Let them do their job, answer their questions, provide them with information that you think will help them, and above all trust them.

If you find a bad Recruiter?…..Run

What’s your opinion?

Has spending time talking to a Recruiter helped you find the right role or have you had to do most of the work yourself?

I’d be interested in your thoughts in the comment box below.

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Why One Size Doesn’t Fit All

CV Advice

How To Get More Interest In Your CV

After years of picking through countless shortlists of candidates, I’ve been forced to develop ever efficient ways of recruiting.

So when dealing with ad response, or merely searching through CV after CV to find the exact skills i’m looking for – I tend to go immediately to the most recent entry and start looking for proof that you can do the job that I’ve been asked to find someone for.

This is just how I recruit.

Everyone’s different. I’m a logical person with (some may allege a slight autistic streak) so I look for facts.

The other reason I do this is because I’ve had countless experiences of Hiring Managers and HR people doing exactly the same thing.

I KNOW If you’ve done a certain type of job you have transferrable skills. (I’ll deal with “if you gave me a little bit of training I’d be up to speed in no time” in another blog post).

But if I send a CV to a client, and they can’t see you’ve done the job they want you to do, there is potential for said client to feel I may not have found them the right person.

I’m afraid the spray and pray brigade have ruined it for all of us.

When you’re applying for a job, look at the must haves, work out where you’ve done it, and then add it to your CV.

The simple fact that you wrote it will mean that it will support what I’m saying, and give the client some comfort.

As an added bonus you’re including more keywords on your CV making it easier to write.

If you have a question about this post, please leave a comment 🙂

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Show Me The Money

Salaries Advertised by Recruiters

Image Credit for Salaries Aren’t Always Advertised by Recruitment Agencies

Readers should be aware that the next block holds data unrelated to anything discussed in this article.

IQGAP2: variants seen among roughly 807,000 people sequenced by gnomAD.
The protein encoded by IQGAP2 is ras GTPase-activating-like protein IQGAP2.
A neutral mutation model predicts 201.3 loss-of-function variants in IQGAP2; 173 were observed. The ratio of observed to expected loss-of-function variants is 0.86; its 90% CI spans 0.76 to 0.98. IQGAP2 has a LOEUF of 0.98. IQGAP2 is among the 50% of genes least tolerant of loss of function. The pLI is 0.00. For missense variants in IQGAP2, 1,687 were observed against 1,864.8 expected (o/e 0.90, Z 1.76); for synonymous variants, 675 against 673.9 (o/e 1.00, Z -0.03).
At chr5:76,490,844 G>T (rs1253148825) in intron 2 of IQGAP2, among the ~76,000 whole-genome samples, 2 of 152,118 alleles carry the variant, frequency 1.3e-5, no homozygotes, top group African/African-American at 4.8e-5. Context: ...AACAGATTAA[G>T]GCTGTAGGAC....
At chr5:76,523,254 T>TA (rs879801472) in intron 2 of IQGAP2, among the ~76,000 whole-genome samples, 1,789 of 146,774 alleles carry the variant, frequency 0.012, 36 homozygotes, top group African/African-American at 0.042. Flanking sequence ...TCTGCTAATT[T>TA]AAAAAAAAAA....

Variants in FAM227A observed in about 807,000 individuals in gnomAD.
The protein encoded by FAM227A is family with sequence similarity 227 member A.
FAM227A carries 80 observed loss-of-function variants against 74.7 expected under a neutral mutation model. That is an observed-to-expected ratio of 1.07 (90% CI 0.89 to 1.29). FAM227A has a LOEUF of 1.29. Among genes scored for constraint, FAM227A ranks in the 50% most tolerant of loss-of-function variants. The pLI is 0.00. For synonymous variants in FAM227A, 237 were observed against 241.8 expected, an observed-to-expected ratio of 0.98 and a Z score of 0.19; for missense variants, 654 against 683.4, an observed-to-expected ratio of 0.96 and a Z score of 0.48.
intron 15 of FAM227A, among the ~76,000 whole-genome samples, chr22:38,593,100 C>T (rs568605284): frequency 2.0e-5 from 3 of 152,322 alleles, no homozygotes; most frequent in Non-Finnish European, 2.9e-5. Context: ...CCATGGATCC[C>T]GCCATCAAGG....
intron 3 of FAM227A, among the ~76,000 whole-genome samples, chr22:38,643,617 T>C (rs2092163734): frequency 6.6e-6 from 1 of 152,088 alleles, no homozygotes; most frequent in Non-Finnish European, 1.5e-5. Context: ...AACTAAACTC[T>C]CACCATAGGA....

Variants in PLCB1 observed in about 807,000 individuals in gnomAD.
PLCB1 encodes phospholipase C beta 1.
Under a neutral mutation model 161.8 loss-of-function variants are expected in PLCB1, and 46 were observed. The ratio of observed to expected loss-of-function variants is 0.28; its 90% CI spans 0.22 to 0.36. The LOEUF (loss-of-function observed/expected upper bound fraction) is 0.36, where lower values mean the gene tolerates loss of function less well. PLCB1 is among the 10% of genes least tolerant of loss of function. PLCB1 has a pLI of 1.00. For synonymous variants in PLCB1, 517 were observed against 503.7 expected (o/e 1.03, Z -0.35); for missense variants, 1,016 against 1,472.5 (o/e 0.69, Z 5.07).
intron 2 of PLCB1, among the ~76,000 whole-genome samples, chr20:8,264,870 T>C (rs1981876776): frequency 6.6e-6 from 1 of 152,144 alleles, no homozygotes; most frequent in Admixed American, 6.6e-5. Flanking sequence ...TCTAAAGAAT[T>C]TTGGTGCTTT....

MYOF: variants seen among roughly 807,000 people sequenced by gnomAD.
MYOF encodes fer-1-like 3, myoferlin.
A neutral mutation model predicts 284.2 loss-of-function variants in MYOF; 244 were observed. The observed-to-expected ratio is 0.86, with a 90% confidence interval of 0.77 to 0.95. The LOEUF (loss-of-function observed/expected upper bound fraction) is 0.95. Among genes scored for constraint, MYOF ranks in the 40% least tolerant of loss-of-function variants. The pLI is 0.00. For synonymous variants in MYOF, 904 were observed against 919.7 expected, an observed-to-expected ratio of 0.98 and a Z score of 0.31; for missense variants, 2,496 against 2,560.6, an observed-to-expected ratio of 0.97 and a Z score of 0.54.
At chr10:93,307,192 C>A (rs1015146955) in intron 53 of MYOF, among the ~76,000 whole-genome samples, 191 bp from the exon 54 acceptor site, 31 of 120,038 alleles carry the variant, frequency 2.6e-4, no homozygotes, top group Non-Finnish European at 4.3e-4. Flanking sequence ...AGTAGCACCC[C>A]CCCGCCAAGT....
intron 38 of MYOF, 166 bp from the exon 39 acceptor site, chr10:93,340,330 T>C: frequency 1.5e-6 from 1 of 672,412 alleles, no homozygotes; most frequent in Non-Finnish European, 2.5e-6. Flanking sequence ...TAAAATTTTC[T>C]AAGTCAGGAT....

Often you’ll see jobs advertised by a Recruitment Agency and there aren’t any salary details.

It’s Crazy (right?)

You may or may not appreciate the reason for this, so I wanted to give an explanation as to why sometimes I’ve advertised roles and haven’t included salary details.

Sometimes The Client Doesn’t Have A Pay Structure.

I’ve dealt with companies that are small to medium sized businesses, and in some cases the company doesn’t have a salary structure in place.

This often happened when I was working with Engineering Machine Shops to find CNC Machinists.

They started off small, needed some help, hired a person, negotiated the wages on the day, and then rinsed and repeated the whole process the next time they needed someone else.

They ended up with different people, doing similar jobs, on different rates of pay.

So at best they could give me a salary range, but there would always be a small part of them that didn’t really want to say, in case they quoted an amount that was “too high”.

Or tsometimes it was because they didn’t want to lose a good candidate that could be of value to the business.

So they said “NEGOTIABLE”

Sometimes The Client Is Worried

Occasionally people will see an advert for a job that looks like it may be at their company. It could even be their job, they think.

So they call up to find out what they can, posing as an interested candidate (some Recruiters do this as well but that’s another Blog post)

The salary on offer looks far more than they’re being paid for doing a similar job (see above), and so they may complain, or ask some pretty awkward questions of their line manager or HR representative.

Far easier for the client to tell the agency that they aren’t allowed to advertise salaries, and avoid the pain, AND possibly reap some of the benefits mentioned earlier.

This can happen in small, and large companies, and at some point in my career I’ve seen it in both.

But what if the salary IS mentioned but it seems either too high or too low?

This happens also.

In the case of too low the company could either be out of step with salary levels for the role in question, or they could be aiming to keep their costs down.